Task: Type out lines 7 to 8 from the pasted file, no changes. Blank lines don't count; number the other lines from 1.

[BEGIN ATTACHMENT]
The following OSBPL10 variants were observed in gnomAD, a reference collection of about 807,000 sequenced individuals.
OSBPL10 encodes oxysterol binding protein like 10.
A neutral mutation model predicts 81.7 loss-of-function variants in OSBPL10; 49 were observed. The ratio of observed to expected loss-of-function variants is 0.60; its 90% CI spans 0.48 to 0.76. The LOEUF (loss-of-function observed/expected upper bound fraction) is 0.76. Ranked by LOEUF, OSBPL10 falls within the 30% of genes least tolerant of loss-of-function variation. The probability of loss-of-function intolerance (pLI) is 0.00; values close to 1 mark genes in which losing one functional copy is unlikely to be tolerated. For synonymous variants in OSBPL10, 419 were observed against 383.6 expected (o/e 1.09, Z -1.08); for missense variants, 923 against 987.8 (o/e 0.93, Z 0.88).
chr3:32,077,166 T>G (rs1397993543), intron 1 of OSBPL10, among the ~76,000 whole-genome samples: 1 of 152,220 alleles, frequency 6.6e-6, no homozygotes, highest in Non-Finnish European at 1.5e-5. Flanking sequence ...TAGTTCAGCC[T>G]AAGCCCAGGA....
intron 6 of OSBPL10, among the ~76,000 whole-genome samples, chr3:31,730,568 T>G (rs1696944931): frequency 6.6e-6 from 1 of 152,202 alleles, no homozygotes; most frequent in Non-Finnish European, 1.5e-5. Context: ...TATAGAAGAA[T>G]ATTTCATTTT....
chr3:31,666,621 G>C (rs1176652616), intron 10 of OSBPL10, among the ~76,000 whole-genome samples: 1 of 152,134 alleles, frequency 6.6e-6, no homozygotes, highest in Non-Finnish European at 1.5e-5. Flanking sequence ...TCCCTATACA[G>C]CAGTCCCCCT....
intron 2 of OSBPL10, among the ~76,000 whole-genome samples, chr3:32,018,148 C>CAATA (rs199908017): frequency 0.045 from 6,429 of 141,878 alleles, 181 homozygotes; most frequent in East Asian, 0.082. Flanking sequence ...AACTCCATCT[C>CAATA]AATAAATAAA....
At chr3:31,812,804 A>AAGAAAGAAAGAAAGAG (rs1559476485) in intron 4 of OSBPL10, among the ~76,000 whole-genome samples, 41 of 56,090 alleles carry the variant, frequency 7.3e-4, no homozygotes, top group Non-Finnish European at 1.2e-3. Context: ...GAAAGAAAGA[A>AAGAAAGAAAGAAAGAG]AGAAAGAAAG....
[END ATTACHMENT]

intron 2 of OSBPL10, among the ~76,000 whole-genome samples, chr3:32,018,148 C>CAATA (rs199908017): frequency 0.045 from 6,429 of 141,878 alleles, 181 homozygotes; most frequent in East Asian, 0.082. Flanking sequence ...AACTCCATCT[C>CAATA]AATAAATAAA....
At chr3:31,812,804 A>AAGAAAGAAAGAAAGAG (rs1559476485) in intron 4 of OSBPL10, among the ~76,000 whole-genome samples, 41 of 56,090 alleles carry the variant, frequency 7.3e-4, no homozygotes, top group Non-Finnish European at 1.2e-3. Context: ...GAAAGAAAGA[A>AAGAAAGAAAGAAAGAG]AGAAAGAAAG....